Good vs. Dream

People don’t always want their dreams to come true. Sometimes we just want them to stay dreams. I recognized this truth when I analyzed my conflicting feelings after being faced with yet another decision — I was recalled to take a part-time position at Crook County. I would teach English to high schoolers.

Taking the position would be so easy to do. I’d be paid well. It is half-time … so I could homeschool the kids in the morning and be done at 3:30 p.m. in the afternoons. It’s in an area that we know and love, among friends and family. It’s steady income. We won’t have to wonder what we’re going to do next month. It offers a simple answer to so many desires in my heart.

But why do I sense the presence of temptation? Why does it seem to be a sellout? Why do I distrust it so much? Am I overthinking it? Am I being a silly school-girl to follow my dreams so purely — to not allow them to be sullied by a dose of real life?

A year ago, I would have snapped up this position. But I’ve learned to choose carefully between good and my dream. I recognize the pattern that good obliterates dreams. A half-time job is good. Teaching English to high schoolers is good. But the adventure would be forced into two weeks at Christmas and the summer. Life is no longer an adventure — we’re just going on a vacation.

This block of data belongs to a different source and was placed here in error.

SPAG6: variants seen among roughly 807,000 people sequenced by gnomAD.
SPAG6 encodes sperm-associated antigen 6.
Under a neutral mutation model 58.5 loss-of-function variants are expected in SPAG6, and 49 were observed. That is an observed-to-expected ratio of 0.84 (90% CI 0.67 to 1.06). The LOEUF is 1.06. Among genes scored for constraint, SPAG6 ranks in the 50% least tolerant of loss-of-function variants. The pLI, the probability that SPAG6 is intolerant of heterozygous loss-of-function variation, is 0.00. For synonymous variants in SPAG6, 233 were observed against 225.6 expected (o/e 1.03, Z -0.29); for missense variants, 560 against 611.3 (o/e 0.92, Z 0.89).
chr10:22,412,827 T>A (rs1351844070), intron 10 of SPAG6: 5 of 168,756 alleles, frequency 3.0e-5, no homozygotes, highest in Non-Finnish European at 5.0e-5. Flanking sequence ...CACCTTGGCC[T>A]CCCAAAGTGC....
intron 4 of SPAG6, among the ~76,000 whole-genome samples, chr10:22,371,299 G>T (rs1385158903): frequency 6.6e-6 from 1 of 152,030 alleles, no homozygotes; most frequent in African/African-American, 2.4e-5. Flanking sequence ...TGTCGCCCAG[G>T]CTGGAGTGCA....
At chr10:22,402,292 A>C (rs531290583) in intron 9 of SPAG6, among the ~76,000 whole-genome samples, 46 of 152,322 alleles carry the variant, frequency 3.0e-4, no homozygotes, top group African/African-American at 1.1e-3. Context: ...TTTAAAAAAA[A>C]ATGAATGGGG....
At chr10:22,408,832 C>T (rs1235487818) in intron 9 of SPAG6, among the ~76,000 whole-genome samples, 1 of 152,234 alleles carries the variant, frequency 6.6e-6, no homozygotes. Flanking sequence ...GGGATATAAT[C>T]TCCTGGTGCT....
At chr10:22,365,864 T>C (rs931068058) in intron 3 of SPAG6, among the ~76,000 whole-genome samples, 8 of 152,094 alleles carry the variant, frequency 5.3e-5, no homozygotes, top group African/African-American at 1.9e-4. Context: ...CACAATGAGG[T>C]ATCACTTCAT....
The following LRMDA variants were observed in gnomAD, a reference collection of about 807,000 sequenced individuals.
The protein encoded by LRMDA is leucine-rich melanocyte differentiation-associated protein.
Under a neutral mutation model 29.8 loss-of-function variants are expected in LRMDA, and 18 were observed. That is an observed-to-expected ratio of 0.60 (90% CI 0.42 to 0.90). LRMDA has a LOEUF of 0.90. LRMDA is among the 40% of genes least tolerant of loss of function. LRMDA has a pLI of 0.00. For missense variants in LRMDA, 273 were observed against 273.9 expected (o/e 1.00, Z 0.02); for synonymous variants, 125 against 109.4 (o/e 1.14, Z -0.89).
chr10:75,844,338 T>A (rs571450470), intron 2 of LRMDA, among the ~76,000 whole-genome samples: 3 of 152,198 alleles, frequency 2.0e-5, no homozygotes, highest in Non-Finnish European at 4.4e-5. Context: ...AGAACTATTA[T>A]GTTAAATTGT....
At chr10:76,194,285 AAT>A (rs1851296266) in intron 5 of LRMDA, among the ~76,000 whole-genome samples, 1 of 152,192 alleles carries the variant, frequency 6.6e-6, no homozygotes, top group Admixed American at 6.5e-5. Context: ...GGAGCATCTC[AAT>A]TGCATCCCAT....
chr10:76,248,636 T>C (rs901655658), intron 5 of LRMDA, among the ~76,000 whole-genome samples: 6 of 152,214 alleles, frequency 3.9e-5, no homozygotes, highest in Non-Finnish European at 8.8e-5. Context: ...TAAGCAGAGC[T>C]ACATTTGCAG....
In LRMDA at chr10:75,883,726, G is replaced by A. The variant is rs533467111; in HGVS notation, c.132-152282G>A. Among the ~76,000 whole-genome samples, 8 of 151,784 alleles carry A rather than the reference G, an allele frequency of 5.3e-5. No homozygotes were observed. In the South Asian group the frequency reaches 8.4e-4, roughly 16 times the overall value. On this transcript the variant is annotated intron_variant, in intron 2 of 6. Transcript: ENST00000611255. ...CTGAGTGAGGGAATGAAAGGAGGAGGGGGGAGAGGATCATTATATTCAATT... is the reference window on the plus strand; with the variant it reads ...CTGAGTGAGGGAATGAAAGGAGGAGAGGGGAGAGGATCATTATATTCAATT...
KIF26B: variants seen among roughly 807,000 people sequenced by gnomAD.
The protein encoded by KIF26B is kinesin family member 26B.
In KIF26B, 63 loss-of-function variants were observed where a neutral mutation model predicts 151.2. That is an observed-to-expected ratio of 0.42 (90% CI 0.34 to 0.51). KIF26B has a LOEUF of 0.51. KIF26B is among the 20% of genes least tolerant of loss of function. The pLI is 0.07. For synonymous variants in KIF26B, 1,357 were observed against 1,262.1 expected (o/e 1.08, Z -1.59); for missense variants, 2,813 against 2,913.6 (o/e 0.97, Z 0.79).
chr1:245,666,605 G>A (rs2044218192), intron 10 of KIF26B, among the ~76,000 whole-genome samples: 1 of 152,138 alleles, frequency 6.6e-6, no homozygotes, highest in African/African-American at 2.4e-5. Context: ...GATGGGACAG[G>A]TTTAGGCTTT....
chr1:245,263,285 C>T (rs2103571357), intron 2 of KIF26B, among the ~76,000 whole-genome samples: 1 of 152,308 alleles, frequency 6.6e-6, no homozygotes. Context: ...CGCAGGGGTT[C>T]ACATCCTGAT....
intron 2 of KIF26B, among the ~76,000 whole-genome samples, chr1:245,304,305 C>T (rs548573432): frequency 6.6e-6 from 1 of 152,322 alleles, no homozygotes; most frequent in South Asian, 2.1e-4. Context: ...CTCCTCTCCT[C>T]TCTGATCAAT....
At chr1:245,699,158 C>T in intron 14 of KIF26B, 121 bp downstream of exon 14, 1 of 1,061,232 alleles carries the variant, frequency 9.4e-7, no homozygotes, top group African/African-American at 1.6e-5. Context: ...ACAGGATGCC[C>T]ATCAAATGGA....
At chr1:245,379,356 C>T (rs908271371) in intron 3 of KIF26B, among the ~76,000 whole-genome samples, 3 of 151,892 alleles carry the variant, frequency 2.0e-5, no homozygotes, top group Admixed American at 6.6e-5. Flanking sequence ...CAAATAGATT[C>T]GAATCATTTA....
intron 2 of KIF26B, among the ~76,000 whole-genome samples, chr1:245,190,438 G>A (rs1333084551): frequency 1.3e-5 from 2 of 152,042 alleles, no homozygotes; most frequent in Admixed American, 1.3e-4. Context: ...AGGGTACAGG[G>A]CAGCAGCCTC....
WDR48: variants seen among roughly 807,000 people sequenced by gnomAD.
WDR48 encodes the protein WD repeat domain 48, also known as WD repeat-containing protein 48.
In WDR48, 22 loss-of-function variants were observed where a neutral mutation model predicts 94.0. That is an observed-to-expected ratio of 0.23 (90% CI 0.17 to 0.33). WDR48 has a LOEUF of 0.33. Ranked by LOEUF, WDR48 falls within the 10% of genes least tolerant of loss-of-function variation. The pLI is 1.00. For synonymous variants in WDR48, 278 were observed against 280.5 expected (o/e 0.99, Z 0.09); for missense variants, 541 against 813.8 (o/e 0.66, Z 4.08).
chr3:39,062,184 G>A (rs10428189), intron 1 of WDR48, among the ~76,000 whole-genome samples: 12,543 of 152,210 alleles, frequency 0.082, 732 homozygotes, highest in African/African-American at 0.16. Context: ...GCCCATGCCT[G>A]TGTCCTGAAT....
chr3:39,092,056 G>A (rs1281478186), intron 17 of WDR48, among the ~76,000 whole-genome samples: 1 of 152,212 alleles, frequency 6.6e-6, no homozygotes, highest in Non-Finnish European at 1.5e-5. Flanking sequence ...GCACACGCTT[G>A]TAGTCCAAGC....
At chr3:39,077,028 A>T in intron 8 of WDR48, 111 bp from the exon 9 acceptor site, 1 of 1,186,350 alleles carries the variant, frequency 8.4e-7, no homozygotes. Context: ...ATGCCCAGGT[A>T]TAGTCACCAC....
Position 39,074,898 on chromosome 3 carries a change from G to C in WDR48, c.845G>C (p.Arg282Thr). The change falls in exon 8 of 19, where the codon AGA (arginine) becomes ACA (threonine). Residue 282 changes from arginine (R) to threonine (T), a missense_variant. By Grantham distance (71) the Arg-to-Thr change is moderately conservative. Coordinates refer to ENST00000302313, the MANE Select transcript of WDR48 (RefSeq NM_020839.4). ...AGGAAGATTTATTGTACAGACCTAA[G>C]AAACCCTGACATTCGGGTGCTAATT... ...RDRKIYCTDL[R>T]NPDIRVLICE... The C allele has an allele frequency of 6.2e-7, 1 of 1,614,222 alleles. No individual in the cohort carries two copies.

As the writer of my life, I would edit out the entire year that I teach part-time or summarize it in a few explanatory paragraphs to explain where I’d been before the real adventure began.

After turning down a position in the place that I live that is not asking too much of me, I no longer can rely on excuses for my unemployment. I’ve chosen this path. I am no longer a victim of circumstance. I’ve crossed the Rubicon. I don’t want to teach. I’m going to write. I’m no longer unemployed. I’m a freelance writer.

I didn’t come to this decision lightly.

Paul and I walked miles mulling it over together. I’m no longer willing to compromise. I don’t want to teach. I want to write. I’m going to write. I’m writing. I’m a writer.

Next week, I’ll interview an artist who is continuing his art through Parkinson’s disease. One of the perks is an overnight stay where we can view the fossil bed monument — which I think could segway into another story.

I’ve turned down one job. I’m beginning another.


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